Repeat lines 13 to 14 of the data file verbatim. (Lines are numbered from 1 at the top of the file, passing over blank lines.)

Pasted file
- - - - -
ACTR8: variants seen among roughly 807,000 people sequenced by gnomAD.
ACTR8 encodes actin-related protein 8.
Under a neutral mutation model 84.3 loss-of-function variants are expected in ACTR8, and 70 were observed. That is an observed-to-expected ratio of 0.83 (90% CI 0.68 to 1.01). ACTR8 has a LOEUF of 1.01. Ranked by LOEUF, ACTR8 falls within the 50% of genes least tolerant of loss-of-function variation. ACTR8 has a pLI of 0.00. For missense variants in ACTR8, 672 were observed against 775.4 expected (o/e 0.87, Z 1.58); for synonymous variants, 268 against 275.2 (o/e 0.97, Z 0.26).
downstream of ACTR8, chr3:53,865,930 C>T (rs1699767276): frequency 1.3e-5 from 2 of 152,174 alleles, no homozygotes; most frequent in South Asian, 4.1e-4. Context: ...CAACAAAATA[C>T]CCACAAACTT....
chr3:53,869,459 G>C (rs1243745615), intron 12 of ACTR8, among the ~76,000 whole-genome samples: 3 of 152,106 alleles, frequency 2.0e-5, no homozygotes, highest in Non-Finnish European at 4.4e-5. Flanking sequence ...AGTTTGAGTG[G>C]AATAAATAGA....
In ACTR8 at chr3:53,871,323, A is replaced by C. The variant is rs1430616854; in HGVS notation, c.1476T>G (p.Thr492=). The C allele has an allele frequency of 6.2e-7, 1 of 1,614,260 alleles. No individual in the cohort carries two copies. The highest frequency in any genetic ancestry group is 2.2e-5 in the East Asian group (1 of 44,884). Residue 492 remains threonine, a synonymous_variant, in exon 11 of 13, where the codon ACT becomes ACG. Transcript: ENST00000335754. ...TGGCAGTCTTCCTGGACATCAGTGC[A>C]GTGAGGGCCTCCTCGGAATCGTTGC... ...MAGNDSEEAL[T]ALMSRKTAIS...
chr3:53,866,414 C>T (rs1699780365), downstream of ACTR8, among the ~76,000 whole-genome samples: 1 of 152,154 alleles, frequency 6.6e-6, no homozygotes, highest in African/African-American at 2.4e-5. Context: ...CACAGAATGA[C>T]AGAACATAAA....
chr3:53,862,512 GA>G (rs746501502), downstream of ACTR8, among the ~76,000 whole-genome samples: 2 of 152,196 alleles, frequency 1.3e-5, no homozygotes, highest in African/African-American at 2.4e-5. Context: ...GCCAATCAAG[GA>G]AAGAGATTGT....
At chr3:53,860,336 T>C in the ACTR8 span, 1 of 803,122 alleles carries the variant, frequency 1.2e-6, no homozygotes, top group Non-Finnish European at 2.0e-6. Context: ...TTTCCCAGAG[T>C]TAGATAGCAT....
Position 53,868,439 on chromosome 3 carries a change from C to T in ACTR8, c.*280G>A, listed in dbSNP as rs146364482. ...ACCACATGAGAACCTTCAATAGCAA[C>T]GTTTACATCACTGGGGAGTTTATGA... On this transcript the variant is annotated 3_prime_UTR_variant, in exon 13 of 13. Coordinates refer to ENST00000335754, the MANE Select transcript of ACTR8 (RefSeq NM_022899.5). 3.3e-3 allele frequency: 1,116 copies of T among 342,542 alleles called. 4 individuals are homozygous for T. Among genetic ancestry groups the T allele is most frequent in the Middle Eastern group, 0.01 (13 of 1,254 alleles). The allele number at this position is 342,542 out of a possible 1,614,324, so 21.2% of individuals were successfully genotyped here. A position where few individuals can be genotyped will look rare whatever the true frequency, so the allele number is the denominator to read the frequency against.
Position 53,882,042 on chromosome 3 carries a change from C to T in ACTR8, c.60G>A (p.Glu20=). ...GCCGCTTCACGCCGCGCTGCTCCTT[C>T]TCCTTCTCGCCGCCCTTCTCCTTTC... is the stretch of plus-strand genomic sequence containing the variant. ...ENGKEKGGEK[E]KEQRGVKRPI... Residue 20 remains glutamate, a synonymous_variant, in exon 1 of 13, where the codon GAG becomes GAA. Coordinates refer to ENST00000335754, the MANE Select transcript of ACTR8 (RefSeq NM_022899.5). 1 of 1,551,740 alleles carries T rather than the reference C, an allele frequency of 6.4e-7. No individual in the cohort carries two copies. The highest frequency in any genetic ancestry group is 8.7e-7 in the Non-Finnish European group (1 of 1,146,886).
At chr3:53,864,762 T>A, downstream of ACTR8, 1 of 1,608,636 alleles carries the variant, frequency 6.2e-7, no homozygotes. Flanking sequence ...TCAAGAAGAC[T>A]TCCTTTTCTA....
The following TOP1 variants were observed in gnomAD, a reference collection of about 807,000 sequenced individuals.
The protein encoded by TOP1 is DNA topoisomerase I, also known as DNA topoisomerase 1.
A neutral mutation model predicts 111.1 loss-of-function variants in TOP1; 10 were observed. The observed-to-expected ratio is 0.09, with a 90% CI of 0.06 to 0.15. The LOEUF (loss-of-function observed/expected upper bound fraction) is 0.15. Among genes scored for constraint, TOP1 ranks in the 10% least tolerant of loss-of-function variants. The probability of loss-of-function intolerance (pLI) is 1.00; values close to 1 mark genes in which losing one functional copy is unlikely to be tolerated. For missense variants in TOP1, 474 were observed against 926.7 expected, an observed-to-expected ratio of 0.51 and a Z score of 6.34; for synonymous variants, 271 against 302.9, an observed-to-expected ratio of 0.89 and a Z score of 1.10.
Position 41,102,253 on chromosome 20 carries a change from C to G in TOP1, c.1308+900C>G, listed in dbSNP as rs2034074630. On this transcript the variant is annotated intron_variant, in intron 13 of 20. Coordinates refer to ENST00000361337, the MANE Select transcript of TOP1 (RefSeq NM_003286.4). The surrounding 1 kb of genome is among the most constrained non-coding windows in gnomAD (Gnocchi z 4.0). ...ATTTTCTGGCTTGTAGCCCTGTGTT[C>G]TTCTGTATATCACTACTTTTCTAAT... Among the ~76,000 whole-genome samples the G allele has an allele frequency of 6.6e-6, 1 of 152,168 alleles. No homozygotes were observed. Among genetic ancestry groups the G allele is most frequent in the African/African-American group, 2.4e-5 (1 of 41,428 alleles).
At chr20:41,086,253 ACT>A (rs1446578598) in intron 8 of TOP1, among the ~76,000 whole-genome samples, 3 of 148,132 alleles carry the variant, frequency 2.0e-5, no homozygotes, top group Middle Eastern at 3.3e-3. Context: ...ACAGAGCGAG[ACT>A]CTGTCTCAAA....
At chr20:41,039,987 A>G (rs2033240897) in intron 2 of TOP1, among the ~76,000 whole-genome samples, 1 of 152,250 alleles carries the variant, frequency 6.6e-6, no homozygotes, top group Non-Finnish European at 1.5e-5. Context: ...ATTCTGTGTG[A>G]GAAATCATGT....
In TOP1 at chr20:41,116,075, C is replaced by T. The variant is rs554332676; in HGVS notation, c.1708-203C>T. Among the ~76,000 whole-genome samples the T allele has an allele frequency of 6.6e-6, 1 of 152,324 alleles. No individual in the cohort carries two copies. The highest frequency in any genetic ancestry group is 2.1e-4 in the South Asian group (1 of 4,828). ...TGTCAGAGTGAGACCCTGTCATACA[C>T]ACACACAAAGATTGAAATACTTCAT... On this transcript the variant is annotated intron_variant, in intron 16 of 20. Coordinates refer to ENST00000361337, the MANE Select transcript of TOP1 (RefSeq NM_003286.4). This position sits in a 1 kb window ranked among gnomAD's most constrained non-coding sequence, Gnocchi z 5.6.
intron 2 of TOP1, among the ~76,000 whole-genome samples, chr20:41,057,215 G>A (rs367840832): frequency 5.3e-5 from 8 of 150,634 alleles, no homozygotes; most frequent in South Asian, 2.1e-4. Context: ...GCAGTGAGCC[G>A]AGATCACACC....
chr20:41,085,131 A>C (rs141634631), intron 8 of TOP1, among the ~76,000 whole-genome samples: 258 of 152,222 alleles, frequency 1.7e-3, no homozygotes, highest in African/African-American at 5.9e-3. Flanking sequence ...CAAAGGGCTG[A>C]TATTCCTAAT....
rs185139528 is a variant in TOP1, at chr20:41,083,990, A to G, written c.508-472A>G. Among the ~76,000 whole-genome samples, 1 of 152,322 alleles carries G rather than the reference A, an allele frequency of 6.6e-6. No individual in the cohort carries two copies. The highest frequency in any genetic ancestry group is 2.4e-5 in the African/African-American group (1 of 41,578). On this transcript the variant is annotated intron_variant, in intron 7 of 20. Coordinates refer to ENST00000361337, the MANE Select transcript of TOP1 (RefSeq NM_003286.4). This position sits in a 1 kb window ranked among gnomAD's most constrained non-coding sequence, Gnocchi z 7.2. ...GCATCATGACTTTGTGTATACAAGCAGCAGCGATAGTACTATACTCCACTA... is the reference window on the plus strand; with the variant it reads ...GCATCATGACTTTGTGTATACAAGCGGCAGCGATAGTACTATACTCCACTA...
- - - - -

The following TOP1 variants were observed in gnomAD, a reference collection of about 807,000 sequenced individuals.
The protein encoded by TOP1 is DNA topoisomerase I, also known as DNA topoisomerase 1.